LOTR trilogy looks incredible. "
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post #49 of 198 Old 02-04-2012, 06:04 PM
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Ive mentioned this on a different forum... But it kind of gets my goat when people mention the eshift feature and 4k together.

Jvc have been clever in marketing their pjs last year and mentioned the eshift and 4k slogan left right and centre. The jvcs are ultimately 1080 displays. Yes the image is manipulated but it is still a 1080 display prsented in a neater manipulated manner. It has diddly squat to do with 4k. It doesnt have the independant pixels to be labelled a 4k machine and it wouldnt know what to do with 4k signal!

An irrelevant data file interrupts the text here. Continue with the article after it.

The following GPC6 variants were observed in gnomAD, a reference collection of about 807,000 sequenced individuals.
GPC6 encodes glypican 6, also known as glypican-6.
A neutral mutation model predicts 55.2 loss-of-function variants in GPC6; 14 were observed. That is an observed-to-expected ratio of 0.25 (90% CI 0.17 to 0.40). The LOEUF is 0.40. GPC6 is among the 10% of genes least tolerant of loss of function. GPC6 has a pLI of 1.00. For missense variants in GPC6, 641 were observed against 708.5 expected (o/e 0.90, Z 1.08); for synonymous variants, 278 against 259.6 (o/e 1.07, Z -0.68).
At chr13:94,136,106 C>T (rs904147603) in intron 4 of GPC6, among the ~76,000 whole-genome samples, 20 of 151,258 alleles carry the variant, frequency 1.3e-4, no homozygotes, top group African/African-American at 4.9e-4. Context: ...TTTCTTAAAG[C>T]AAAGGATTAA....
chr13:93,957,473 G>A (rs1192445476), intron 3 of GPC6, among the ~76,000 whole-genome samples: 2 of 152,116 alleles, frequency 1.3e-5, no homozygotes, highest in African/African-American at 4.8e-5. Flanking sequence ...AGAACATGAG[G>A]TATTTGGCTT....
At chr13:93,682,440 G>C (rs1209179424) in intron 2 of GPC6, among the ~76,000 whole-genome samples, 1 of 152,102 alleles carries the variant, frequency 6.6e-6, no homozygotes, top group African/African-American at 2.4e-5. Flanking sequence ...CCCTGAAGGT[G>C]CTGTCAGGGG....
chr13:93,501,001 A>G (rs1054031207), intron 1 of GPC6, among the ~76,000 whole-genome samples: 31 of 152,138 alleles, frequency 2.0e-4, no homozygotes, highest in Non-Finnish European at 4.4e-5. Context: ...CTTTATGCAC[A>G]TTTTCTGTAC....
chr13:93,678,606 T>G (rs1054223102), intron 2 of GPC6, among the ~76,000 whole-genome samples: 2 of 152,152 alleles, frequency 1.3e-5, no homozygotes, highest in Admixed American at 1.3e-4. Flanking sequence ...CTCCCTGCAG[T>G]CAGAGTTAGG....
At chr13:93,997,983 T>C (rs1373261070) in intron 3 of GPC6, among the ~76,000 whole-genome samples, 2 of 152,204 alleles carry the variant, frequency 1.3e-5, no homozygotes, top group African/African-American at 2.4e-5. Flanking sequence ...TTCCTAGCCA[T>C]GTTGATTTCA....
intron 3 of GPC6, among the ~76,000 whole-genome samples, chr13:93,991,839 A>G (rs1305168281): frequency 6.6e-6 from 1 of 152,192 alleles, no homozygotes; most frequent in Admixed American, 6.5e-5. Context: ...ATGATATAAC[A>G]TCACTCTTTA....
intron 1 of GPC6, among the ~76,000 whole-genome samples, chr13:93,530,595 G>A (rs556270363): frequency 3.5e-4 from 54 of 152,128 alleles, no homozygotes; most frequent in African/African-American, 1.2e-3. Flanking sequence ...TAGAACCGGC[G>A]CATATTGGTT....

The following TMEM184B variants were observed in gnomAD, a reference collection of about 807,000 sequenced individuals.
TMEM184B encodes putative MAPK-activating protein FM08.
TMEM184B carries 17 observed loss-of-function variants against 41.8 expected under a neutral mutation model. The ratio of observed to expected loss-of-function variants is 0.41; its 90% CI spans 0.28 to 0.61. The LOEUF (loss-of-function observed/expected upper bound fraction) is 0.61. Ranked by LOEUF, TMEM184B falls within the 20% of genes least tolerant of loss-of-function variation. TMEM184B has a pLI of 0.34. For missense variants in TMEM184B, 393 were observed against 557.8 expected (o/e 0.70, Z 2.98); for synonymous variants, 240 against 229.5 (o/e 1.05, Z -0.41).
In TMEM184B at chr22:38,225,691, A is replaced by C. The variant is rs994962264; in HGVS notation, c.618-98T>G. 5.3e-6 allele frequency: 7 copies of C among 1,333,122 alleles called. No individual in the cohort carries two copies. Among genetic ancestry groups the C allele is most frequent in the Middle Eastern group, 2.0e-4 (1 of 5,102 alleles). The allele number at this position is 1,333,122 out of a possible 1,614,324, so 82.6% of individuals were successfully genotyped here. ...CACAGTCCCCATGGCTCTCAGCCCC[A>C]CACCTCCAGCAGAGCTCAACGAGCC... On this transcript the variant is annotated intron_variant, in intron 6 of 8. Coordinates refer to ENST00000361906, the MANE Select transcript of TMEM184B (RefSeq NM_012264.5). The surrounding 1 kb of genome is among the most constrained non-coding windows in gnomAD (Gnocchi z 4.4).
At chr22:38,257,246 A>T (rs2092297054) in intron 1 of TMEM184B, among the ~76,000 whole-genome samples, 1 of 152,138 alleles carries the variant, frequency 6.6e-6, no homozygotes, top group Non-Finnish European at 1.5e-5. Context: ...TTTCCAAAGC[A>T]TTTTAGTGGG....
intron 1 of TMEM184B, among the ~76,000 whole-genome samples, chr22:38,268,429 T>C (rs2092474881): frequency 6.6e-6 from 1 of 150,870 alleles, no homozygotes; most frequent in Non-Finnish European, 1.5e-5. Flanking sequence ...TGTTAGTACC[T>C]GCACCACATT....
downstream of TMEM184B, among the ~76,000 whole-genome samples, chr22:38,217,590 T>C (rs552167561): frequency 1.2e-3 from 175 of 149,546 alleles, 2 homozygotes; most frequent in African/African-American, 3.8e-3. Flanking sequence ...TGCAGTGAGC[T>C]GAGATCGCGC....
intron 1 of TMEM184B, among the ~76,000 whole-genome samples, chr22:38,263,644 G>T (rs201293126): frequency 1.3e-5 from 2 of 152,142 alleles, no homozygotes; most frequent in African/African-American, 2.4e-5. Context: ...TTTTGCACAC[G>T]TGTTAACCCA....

Hence any material related to the jvcs either instruction manuals or the pjs box wont mention 2k4k as its misleading.

Granted its a stepping stone towards the higher res age-but its still a 1080 machine

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post #50 of 198 Old 02-04-2012, 06:07 PM
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Originally Posted by Randall Morton View Post

Here is another comment from the AVForum about the Sony 4K. Sounds like this could also be the Solo that is being compared.

"Our Sony is roughly 8m back from our screen and our seating is from 3m-5m (large L-Shaped Sofa)
Our screen size is 175.2" Horizontal.

The picture quality is equally good standing 6' away or standing under the PJ at around 24'.

We also have another projector to compare, that is over twice the price is 1080P, looks great, but nowhere near the quality that the Sony 4K is producing.........these are just my findings and I have been sitting I front of it all day watching a variety of film clips.